• http://lliira.dreamwidth.org/ Lliira

    When else are they supposed to learn?While consummating their Christian heterosexual marriage, duh.

    OUCH. 

  • leftofabbie

    I can empathize; it took a notarized affadavit from my mother and my certificate of confirmation from my church to get my original birth certificate changed to the correct information; a long and costly process, but I finally have it.  Now I have the passport as well, so things are much simpler.  Good luck in your endeavor to get yours issued to you.  It’s more blowback from 9-11, thanks to George W. Bush for being on the watch for us.  (sarc)

  • Carstonio

    Maybe it isn’t broken, it just has far different goals. Given the number of homosexuality opponents who argue that it threatens the survival of the human species, it’s possible that many, many people subconsciously believe that every fertile human has a duty to procreate. The systems described here work well if one assumes that the goal is to keep turning out babies as soon as teens’ bodies are ready. They are horribly inefficient if one assumes that the goal is for teens to use their sexuality knowledgeably and to control their fertility.

  • AnonymousSam

    Well hey, if you don’t believe sex should be enjoyable or often repeated, the thought of two people awkwardly fumbling under the sheets while they try to adhere to social and marital expectations probably doesn’t strike you as nearly as much of a bad thing as it does people with common sense.

  • http://apocalypsereview.wordpress.com/ Invisible Neutrino

    There is a Republican mythology of “we don’t need affirmative action anymore and blacks are all just shiftless and lazy and they are TOO TOTES TREATED THE SAME HDU SAY OTHERWISE WHITE PRIVILEGE WHAT WHITE PRIVILEGE LA LA LA LA”

    The thing I find absolutely bizarre is that Mitt Romney committed the equivalent of heresy against that shibboleth by admitting in front of the NAACP, in public, that blacks still have it worse off compared to whites.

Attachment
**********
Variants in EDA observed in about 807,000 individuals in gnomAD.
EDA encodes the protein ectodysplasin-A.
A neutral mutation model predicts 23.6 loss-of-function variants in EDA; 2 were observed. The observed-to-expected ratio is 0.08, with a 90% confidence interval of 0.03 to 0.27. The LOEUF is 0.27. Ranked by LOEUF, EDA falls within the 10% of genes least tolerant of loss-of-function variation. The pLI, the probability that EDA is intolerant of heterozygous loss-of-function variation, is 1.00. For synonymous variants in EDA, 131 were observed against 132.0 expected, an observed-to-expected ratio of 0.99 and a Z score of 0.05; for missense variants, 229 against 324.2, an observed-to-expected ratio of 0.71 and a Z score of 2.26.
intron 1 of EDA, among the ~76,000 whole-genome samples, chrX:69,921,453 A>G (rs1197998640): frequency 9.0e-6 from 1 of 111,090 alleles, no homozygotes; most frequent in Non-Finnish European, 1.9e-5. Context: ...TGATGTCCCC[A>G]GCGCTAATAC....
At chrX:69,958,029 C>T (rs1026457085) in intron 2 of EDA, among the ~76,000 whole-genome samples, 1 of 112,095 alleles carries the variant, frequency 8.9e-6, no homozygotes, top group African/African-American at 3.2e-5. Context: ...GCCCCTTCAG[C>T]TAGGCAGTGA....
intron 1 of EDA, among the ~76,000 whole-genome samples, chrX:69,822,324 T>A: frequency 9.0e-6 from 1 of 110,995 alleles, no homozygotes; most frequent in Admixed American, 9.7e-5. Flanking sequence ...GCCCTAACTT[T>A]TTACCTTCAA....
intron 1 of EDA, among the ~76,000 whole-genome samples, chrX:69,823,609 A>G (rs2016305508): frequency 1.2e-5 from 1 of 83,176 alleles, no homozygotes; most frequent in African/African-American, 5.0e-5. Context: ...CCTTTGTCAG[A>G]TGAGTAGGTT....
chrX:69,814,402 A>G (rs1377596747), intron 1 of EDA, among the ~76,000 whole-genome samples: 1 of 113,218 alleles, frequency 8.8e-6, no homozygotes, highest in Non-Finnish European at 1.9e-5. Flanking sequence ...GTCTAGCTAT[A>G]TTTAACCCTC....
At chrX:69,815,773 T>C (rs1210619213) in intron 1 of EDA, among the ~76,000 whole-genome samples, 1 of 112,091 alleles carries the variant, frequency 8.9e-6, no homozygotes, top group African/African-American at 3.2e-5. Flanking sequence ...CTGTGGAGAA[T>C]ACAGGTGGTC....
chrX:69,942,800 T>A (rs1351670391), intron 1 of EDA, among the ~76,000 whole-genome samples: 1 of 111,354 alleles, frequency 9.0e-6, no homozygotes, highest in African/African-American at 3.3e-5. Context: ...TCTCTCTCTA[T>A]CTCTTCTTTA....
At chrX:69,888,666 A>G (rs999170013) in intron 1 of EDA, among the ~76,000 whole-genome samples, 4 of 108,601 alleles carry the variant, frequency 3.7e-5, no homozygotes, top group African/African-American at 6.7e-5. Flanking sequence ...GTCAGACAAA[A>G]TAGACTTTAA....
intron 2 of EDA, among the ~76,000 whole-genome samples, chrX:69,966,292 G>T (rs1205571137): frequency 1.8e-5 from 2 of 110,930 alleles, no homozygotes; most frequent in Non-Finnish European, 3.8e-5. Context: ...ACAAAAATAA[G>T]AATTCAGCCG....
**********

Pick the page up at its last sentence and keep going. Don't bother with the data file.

It really makes me wonder if he believes anything at all other than in his money.

  • Lunch Meat

    When else are they supposed to learn?
    While consummating their Christian heterosexual marriage, duh.

    Which is really useful if your goal is to create women who are terrified of sex.

  • AnonymousSam

    It isn’t?

  • http://lliira.dreamwidth.org/ Lliira

    If it were just confused fumbling it wouldn’t be so bad. We all go through a certain amount of confused fumbling anyway, no matter how much sex ed we’ve had. But having your first sexual experience with  someone who does not understand the need for foreplay, has no clue how to start going about it, and is probably embarrassed by the idea sticking his penis in your vagina is a perfect way to cause severe and traumatizing pain to women.

  • AnonymousSam

    Ugh, that’s going to be even more fun. I had my name legally changed about a decade ago, and while I still have all the legal documents to prove that the name on my birth certificate changed to the name I use now, I just know someone is going to look at both of them and decide that my name is actually Muhammad ali-Mahal Muhammad and QUICK GET THE SHOES THOSE SOCKS MIGHT HAVE A BOMB